testing_mode = False
    # The predictable time.
    predictable_now = None
    predictable_today = None

    def now(self, tz=None):
        return (self.predictable_now
                if self.testing_mode

    def today(self):
        return (self.predictable_today
                if self.testing_mode

    def reset(cls):
        cls.predictable_now = datetime.datetime(2005, 8, 1, 7, 49, 23)
        cls.predictable_today =

    def fast_forward(cls, days=1):
        cls.predictable_now += datetime.timedelta(days=days)
        cls.predictable_today =

factory = DateFactory()
today =
now =

Now, at the call sites, say in your database class, instead of something like:

import datetime
self.date_created =

You'd write:

from ... import today
self.date_created = today()

And your test would do something like this:

>>> from ... import factory
>>> factory.testing_mode = True

>>> thing1 = Thing()
>>> thing1.date_created
datetime.datetime(2005, 8, 1, 7, 49, 23)

>>> factory.fast_forward(days=3)

>>> thing2 = Thing()
>>> thing2.date_created
datetime.datetime(2005, 8, 4, 7, 49, 23)

I know there are mocking libraries out there that might help you with this, but I also think this is a nice simple approach where you don't want a lot of extra mocking scaffolding. The cost is that you have to be disciplined not to use the standard datetime module at your call sites.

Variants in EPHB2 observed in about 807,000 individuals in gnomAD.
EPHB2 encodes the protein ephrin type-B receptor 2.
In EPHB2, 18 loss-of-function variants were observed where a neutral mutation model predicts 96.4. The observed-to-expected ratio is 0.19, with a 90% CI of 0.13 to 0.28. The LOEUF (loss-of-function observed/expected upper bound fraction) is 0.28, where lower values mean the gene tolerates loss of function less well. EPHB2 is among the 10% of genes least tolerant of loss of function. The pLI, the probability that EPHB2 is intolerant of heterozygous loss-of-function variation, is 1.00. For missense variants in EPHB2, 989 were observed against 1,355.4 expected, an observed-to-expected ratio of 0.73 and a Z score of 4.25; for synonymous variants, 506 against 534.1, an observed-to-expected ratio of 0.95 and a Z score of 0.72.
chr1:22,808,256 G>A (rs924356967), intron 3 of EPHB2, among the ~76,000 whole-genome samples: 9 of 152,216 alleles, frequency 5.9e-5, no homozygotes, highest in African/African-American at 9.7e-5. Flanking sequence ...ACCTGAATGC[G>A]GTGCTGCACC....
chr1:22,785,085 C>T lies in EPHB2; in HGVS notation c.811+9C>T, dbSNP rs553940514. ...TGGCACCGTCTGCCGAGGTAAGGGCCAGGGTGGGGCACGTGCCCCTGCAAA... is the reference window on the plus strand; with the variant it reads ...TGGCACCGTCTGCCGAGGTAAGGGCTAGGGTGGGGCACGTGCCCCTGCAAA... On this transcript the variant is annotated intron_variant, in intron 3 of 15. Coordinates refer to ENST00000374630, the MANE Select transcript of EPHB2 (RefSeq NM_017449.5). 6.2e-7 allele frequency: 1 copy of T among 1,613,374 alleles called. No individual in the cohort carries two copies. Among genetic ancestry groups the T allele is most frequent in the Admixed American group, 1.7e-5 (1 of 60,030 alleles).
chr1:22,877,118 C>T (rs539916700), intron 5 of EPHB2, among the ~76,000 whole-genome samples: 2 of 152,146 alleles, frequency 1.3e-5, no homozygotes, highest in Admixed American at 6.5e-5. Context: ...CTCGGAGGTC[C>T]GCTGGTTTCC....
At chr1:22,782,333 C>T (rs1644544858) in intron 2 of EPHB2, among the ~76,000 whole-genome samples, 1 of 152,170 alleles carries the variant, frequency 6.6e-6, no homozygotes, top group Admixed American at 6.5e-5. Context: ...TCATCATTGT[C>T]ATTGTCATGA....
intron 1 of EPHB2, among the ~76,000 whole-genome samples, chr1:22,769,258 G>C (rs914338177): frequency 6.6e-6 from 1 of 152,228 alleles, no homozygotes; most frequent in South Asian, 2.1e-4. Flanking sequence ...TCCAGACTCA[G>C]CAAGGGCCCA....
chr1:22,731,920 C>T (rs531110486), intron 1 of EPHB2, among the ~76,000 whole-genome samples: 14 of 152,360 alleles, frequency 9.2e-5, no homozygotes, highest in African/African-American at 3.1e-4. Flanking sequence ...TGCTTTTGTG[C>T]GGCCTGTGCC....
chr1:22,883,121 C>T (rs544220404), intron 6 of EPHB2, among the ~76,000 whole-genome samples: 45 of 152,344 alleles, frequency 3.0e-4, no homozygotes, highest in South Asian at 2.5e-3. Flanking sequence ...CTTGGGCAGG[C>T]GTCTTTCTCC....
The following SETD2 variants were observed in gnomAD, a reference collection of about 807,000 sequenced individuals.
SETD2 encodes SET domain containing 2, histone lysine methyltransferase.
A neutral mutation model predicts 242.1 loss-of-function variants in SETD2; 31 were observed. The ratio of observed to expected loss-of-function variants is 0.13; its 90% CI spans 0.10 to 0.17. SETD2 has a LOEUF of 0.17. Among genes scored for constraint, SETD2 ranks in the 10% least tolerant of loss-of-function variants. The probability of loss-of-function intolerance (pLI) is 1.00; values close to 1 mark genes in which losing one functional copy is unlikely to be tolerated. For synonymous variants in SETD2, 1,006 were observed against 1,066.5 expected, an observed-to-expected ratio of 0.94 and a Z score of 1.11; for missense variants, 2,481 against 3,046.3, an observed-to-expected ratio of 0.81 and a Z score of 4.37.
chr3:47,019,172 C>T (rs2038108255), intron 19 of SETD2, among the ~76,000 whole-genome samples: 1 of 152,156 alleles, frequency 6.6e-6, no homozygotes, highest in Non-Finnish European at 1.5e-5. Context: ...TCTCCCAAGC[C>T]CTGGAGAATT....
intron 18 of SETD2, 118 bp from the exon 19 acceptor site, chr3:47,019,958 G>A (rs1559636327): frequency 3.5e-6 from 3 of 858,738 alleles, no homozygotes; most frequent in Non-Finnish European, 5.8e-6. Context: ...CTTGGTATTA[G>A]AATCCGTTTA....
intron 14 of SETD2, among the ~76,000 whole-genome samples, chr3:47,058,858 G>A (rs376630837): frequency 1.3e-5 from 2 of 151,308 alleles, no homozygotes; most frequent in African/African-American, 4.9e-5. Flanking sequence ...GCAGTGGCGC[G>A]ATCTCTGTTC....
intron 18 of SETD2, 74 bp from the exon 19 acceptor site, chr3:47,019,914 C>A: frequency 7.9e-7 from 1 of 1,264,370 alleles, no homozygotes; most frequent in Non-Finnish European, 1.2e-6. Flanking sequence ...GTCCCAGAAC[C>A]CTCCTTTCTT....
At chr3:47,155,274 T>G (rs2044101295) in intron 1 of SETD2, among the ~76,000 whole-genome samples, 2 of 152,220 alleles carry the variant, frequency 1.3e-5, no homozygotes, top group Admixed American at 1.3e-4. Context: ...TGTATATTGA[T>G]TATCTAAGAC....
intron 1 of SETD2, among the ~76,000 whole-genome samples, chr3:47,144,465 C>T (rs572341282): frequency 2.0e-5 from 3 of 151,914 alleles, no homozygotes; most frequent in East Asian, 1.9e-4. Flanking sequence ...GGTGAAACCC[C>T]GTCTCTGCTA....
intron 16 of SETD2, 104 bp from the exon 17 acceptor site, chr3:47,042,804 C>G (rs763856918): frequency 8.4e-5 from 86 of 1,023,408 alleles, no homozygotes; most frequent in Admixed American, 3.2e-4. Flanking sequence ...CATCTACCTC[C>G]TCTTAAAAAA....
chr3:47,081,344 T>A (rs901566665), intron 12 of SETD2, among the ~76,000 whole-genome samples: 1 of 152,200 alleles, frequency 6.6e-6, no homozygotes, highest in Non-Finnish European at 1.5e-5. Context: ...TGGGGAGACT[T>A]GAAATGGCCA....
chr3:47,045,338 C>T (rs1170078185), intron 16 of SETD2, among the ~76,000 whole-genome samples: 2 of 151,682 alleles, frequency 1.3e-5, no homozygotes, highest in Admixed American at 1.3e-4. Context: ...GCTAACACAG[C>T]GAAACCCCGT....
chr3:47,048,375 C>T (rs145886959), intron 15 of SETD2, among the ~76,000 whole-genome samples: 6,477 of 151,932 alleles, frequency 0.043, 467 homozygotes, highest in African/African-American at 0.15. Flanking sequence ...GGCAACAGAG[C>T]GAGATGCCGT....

Michele Simionato

Posts: 222
Nickname: micheles
Registered: Jun, 2008

Re: Stupid datetime testing Posted: Mar 6, 2009 9:39 PM
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> Note that because of the conditional expressions, Python 2.6 is required

Typo: I am sure you meant Python 2.5 here, right?

Another possibility would be to monkey patch the datetime

if testing_mode:
import datetime

to be done at the beginning of the tests.

Barry Warsaw

Posts: 12
Nickname: pumpichank
Registered: Jun, 2003

Re: Stupid datetime testing Posted: Mar 7, 2009 7:21 AM
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Thanks for the correction! Yes, 2.5 is required; I've fixed the original post.

Patching the datetime class doesn't work in my case because of the Storm limitation. It requires a concrete datetime.datetime instance.

Rupert Kittinger-Sereinig

Posts: 21
Nickname: rkit
Registered: Dec, 2005

Re: Stupid datetime testing Posted: Mar 28, 2009 1:31 AM
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As a completely different appoach, how about setting the system time to a well-defined value during the tests?

This is also useful for other test cases, like leap years or leap seconds.

Patrick Kua

Posts: 2
Nickname: thekua
Registered: Apr, 2009

Re: Stupid datetime testing Posted: Apr 20, 2009 12:51 AM
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I've used very similar concepts in the past, but inject a clock instead of a DateFactory (using different "clocks" to achieve different results). I'd written something quite recent about how to implement this in java (link below).

I would recommend separating the responsibility for fetching current time/date/days from being able to manipulate it. I tend to think the manipulation is really a testing aspect only.